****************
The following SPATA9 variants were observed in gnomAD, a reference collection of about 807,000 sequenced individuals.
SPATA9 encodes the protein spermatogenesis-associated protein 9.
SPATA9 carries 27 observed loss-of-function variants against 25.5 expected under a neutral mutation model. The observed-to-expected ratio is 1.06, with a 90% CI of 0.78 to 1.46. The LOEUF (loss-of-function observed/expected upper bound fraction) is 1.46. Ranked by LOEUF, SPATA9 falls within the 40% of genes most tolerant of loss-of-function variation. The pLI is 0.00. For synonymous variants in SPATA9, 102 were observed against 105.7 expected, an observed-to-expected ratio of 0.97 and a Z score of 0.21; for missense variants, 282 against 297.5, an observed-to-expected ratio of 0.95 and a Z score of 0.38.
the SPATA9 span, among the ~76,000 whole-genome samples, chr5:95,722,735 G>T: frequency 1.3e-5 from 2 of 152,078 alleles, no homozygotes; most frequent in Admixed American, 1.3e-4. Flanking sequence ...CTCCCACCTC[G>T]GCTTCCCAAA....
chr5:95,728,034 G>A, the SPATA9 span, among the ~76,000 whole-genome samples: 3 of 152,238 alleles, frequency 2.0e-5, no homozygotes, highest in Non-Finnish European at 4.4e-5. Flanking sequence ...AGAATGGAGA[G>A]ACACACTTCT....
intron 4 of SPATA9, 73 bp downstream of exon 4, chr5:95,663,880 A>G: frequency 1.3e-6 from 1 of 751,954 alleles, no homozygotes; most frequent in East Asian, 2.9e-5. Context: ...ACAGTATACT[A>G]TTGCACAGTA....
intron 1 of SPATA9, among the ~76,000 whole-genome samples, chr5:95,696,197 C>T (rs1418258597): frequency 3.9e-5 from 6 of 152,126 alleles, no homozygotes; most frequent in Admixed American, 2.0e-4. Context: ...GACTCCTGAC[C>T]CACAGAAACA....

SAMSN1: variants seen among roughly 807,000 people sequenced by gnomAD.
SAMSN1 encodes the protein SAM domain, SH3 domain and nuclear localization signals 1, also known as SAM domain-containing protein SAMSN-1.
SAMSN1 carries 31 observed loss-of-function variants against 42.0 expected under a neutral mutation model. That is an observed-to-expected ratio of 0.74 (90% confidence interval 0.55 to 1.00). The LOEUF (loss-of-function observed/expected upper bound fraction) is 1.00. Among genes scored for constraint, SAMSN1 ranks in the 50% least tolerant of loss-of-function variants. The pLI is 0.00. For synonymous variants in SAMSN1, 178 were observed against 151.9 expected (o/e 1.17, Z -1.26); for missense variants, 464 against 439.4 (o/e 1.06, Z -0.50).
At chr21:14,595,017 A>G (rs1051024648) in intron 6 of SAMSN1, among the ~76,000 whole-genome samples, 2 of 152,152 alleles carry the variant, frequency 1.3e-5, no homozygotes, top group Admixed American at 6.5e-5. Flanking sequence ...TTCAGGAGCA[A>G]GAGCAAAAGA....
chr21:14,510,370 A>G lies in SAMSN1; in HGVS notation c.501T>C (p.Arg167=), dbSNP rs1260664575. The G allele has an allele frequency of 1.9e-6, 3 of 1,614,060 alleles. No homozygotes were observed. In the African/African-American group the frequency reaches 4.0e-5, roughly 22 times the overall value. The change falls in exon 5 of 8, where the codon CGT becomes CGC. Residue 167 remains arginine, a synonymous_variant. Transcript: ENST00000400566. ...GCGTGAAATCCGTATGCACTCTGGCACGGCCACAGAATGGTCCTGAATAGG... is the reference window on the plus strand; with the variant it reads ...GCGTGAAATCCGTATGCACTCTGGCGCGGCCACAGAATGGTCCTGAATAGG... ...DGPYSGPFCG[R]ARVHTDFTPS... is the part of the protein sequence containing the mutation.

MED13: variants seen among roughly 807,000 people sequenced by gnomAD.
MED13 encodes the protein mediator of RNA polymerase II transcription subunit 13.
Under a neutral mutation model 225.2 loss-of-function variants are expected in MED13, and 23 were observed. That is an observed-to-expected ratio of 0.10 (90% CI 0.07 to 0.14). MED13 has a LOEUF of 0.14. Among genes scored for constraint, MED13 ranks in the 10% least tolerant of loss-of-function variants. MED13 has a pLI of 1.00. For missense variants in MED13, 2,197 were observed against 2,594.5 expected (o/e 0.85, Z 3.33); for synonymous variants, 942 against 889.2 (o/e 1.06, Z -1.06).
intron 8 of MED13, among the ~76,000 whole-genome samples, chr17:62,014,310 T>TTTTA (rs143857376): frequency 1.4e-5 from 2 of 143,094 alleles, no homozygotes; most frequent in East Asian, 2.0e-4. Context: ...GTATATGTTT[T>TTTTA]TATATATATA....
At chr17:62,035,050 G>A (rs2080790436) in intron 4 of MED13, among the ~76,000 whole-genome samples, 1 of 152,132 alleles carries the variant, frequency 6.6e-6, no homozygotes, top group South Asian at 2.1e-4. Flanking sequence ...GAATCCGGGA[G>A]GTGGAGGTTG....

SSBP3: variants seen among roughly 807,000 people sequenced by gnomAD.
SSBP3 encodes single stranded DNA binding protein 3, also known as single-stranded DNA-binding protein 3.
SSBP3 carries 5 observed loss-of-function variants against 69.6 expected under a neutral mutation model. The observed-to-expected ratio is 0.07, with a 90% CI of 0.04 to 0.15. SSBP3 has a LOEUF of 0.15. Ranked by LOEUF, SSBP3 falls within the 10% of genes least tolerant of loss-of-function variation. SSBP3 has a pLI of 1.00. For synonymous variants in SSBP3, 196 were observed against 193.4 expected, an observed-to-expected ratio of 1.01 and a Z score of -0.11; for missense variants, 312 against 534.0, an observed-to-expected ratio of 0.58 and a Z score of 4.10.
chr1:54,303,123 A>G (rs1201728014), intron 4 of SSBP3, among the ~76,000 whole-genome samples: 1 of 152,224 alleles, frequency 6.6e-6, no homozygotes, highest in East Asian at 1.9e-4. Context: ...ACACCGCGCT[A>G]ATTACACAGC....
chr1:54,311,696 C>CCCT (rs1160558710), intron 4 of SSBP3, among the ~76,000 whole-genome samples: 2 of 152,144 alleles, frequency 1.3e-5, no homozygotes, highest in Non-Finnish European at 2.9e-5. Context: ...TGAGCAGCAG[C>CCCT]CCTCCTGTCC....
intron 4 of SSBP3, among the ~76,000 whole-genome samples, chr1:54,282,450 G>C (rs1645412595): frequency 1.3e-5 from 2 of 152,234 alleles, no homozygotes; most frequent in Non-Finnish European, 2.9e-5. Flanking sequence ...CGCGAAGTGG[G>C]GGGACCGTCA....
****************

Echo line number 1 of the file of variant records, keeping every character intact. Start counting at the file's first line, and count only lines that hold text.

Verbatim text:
The following SPATA9 variants were observed in gnomAD, a reference collection of about 807,000 sequenced individuals.